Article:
The easiest thing would be to provide a thread-local reference 
 to
 the currently in-flight exception.  Then you could do whatever
 checking you wanted to inside the scope block.
That's quite clever. Can we do that?
I don't see why not. The exception handling code would need to set and clear the reference at the proper points, but this shouldn't be too difficult. We'd have to be careful how it's documented though. I think it's mostly applicable to Manu's case--specializing code in scope guards. For example: http://www.gotw.ca/gotw/047.htm
Aug 05 2014
prev sibling parent reply "Jonathan M Davis" <jmdavisProg gmx.com> writes:
On Sunday, 3 August 2014 at 15:28:43 UTC, Manu via Digitalmars-d 
wrote:
 I'm trying to make better use of scope guards, but I find 
 myself belting
 out try/catch statements almost everywhere.
 I'm rather disappointed, because scope guards are advertised to 
 offer the
 promise of eliminating try/catch junk throughout your code, and 
 I'm just
 not finding that to be the practical reality.
scope guards are for the occasions when you need to guarantee that something happens when either an exception isn't thrown (success), is thrown (failure), or regardless of whether one was thrown (exit). It's not intended for handling exceptions, just to reacting to their existence. So, it's primarily going to be used when you want to do something when an exception was thrown but don't care what was thrown or if you want to make sure that something happens regardless of whether an exception was thrown (in which case, it's a replacement for RAII or a finally block). I'd say that if you're trying to use scope in any situation where you'd try and handle an exception, then you're using it wrong. - Jonathan M Davis
Aug 07 2014
parent reply "Messenger" <dont shoot.me> writes:
On Thursday, 7 August 2014 at 20:54:02 UTC, Jonathan M Davis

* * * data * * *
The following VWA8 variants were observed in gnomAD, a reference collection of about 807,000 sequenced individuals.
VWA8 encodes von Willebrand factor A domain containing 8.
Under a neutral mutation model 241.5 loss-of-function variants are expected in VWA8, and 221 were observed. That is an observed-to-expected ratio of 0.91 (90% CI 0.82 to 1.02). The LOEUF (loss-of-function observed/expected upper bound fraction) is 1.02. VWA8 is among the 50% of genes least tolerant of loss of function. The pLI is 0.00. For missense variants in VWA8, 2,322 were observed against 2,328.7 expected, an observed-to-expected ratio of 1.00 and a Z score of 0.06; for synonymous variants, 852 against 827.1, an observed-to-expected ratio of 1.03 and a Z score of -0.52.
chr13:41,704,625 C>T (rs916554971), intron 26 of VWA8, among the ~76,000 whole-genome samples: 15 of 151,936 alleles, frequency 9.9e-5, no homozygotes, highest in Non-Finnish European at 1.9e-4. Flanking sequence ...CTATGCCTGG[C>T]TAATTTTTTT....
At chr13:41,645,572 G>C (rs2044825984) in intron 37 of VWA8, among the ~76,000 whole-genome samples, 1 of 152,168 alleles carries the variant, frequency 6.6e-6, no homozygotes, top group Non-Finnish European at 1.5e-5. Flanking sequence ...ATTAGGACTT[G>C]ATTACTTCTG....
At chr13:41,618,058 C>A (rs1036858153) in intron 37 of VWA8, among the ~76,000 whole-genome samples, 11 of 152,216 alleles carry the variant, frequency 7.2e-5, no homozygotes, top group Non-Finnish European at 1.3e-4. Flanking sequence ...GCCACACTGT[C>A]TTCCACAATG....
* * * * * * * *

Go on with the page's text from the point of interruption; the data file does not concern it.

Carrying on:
wrote:
 I'd say that if you're trying to use scope in any situation 
 where you'd try and handle an exception, then you're using it 
 wrong.
But it's super convenient.
Aug 07 2014
parent reply "Jonathan M Davis" <jmdavisProg gmx.com> writes:
On Thursday, 7 August 2014 at 20:59:45 UTC, Messenger wrote:
 On Thursday, 7 August 2014 at 20:54:02 UTC, Jonathan M Davis 
 wrote:
 I'd say that if you're trying to use scope in any situation 
 where you'd try and handle an exception, then you're using it 
 wrong.
But it's super convenient.
It fundamentally doesn't work to handle an exception with a scope guard. They rethrow the exception. It's clearly not what it was designed for. It was designed for making sure that certain things happen when an exception is thrown or regardless of whether an exception is thrown. But it's just not designed for actually handling exceptions. - Jonathan M Davis
Aug 07 2014
parent reply "Messenger" <dont shoot.me> writes:
On Friday, 8 August 2014 at 00:27:21 UTC, Jonathan M Davis wrote:
 On Thursday, 7 August 2014 at 20:59:45 UTC, Messenger wrote:
 On Thursday, 7 August 2014 at 20:54:02 UTC, Jonathan M Davis 
 wrote:
 I'd say that if you're trying to use scope in any situation 
 where you'd try and handle an exception, then you're using it 
 wrong.
But it's super convenient.
It fundamentally doesn't work to handle an exception with a scope guard. They rethrow the exception.
void fun() { scope(failure) return; throw new Exception(__FUNCTION__); } void main() { import std.exception; assertNotThrown(fun()); }
Aug 08 2014
parent reply "Idan Arye" <GenericNPC gmail.com> writes:
On Friday, 8 August 2014 at 08:37:37 UTC, Messenger wrote:
 On Friday, 8 August 2014 at 00:27:21 UTC, Jonathan M Davis 
 wrote:
 On Thursday, 7 August 2014 at 20:59:45 UTC, Messenger wrote:
 On Thursday, 7 August 2014 at 20:54:02 UTC, Jonathan M Davis 
 wrote:
 I'd say that if you're trying to use scope in any situation 
 where you'd try and handle an exception, then you're using 
 it wrong.
But it's super convenient.
It fundamentally doesn't work to handle an exception with a scope guard. They rethrow the exception.
void fun() { scope(failure) return; throw new Exception(__FUNCTION__); } void main() { import std.exception; assertNotThrown(fun()); }
Initially I thought this was a bug, but this seems intended since it doesn't work with `scope(exit)` - it yields the compiler error "Error: return statements cannot be in finally, scope(exit) or scope(success) bodies".
Aug 08 2014
parent reply "Jonathan M Davis" <jmdavisProg gmx.com> writes:
On Friday, 8 August 2014 at 12:22:49 UTC, Idan Arye wrote:
 On Friday, 8 August 2014 at 08:37:37 UTC, Messenger wrote:
 On Friday, 8 August 2014 at 00:27:21 UTC, Jonathan M Davis 
 wrote:
 On Thursday, 7 August 2014 at 20:59:45 UTC, Messenger wrote:
 On Thursday, 7 August 2014 at 20:54:02 UTC, Jonathan M Davis 
 wrote:
 I'd say that if you're trying to use scope in any situation 
 where you'd try and handle an exception, then you're using 
 it wrong.
But it's super convenient.
It fundamentally doesn't work to handle an exception with a scope guard. They rethrow the exception.